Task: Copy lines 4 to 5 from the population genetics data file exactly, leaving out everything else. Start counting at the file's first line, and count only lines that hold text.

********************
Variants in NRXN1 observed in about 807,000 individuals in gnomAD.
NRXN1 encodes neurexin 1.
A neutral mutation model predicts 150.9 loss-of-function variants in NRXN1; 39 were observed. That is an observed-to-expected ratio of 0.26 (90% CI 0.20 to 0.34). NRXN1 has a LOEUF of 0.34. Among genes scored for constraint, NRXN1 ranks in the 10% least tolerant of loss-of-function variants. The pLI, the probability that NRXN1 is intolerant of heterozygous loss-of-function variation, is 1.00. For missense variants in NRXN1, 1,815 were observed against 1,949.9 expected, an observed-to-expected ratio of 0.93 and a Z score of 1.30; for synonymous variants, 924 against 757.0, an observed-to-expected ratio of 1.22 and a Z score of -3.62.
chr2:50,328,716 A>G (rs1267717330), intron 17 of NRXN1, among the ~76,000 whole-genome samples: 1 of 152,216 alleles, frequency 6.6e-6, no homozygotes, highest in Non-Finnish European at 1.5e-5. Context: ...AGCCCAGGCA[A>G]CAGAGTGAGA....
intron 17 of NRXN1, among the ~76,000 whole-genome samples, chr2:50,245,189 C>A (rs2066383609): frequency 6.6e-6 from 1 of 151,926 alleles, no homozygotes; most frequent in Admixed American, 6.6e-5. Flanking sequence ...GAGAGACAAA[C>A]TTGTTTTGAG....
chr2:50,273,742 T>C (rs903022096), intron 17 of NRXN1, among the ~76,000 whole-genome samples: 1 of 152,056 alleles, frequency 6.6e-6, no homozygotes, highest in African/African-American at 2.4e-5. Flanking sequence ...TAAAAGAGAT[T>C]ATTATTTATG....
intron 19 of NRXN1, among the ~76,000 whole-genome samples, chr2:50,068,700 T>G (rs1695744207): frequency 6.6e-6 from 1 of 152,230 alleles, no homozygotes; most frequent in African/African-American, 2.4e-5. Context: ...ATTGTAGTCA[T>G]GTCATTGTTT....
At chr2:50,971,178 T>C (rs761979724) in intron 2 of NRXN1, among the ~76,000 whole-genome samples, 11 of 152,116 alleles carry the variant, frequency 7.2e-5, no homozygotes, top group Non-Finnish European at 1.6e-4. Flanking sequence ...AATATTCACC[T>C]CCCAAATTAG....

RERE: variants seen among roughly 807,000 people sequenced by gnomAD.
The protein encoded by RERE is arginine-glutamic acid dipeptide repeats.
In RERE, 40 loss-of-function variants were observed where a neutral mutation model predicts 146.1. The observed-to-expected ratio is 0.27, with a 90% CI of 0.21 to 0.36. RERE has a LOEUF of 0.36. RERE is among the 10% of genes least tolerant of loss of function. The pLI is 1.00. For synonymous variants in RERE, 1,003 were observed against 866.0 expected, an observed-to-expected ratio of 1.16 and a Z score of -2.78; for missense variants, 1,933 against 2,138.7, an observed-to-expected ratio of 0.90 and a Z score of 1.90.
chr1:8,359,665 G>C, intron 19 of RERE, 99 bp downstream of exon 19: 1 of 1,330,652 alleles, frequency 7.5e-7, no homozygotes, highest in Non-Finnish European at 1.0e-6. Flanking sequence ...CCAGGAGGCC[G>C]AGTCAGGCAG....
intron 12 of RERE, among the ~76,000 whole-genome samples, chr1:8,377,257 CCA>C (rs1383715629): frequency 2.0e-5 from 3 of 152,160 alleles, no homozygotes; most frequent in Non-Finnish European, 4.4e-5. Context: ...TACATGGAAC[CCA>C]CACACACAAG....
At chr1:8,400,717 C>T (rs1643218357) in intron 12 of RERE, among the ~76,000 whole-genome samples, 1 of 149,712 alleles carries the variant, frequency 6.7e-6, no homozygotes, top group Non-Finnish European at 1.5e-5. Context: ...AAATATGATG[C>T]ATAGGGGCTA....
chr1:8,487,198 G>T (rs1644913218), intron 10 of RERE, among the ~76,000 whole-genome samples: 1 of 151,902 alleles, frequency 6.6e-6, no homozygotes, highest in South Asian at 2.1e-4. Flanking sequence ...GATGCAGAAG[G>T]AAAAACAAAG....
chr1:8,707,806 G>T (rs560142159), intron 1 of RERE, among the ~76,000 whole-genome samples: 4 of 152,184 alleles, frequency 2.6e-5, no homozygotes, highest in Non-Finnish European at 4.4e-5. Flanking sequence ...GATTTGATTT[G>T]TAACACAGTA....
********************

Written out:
chr2:50,328,716 A>G (rs1267717330), intron 17 of NRXN1, among the ~76,000 whole-genome samples: 1 of 152,216 alleles, frequency 6.6e-6, no homozygotes, highest in Non-Finnish European at 1.5e-5. Context: ...AGCCCAGGCA[A>G]CAGAGTGAGA....
intron 17 of NRXN1, among the ~76,000 whole-genome samples, chr2:50,245,189 C>A (rs2066383609): frequency 6.6e-6 from 1 of 151,926 alleles, no homozygotes; most frequent in Admixed American, 6.6e-5. Flanking sequence ...GAGAGACAAA[C>A]TTGTTTTGAG....